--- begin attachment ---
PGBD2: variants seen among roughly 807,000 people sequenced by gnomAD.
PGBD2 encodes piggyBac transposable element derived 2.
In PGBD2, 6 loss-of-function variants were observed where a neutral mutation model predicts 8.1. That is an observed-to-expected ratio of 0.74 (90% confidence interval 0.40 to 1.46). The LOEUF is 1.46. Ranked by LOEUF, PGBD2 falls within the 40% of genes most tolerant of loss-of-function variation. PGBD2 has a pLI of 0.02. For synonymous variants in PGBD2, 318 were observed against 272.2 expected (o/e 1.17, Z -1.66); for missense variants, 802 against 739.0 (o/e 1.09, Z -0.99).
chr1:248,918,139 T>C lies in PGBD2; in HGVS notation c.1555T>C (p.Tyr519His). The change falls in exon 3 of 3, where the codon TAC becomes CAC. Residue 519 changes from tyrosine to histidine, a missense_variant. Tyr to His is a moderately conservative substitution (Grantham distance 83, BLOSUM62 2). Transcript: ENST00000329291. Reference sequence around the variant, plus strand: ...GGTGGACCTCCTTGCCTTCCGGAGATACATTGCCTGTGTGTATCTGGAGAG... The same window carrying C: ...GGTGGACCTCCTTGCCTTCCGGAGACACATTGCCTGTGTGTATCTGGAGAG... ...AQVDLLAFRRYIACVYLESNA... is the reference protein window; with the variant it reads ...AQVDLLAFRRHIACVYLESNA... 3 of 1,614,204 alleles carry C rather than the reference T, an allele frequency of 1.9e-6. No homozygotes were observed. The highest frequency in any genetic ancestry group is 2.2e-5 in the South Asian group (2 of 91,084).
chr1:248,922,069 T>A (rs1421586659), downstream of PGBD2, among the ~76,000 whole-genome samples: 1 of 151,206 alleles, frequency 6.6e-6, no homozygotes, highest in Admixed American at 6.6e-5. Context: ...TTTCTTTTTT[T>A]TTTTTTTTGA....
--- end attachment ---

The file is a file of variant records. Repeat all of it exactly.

PGBD2: variants seen among roughly 807,000 people sequenced by gnomAD.
PGBD2 encodes piggyBac transposable element derived 2.
In PGBD2, 6 loss-of-function variants were observed where a neutral mutation model predicts 8.1. That is an observed-to-expected ratio of 0.74 (90% confidence interval 0.40 to 1.46). The LOEUF is 1.46. Ranked by LOEUF, PGBD2 falls within the 40% of genes most tolerant of loss-of-function variation. PGBD2 has a pLI of 0.02. For synonymous variants in PGBD2, 318 were observed against 272.2 expected (o/e 1.17, Z -1.66); for missense variants, 802 against 739.0 (o/e 1.09, Z -0.99).
chr1:248,918,139 T>C lies in PGBD2; in HGVS notation c.1555T>C (p.Tyr519His). The change falls in exon 3 of 3, where the codon TAC becomes CAC. Residue 519 changes from tyrosine to histidine, a missense_variant. Tyr to His is a moderately conservative substitution (Grantham distance 83, BLOSUM62 2). Transcript: ENST00000329291. Reference sequence around the variant, plus strand: ...GGTGGACCTCCTTGCCTTCCGGAGATACATTGCCTGTGTGTATCTGGAGAG... The same window carrying C: ...GGTGGACCTCCTTGCCTTCCGGAGACACATTGCCTGTGTGTATCTGGAGAG... ...AQVDLLAFRRYIACVYLESNA... is the reference protein window; with the variant it reads ...AQVDLLAFRRHIACVYLESNA... 3 of 1,614,204 alleles carry C rather than the reference T, an allele frequency of 1.9e-6. No homozygotes were observed. The highest frequency in any genetic ancestry group is 2.2e-5 in the South Asian group (2 of 91,084).
chr1:248,922,069 T>A (rs1421586659), downstream of PGBD2, among the ~76,000 whole-genome samples: 1 of 151,206 alleles, frequency 6.6e-6, no homozygotes, highest in Admixed American at 6.6e-5. Context: ...TTTCTTTTTT[T>A]TTTTTTTTGA....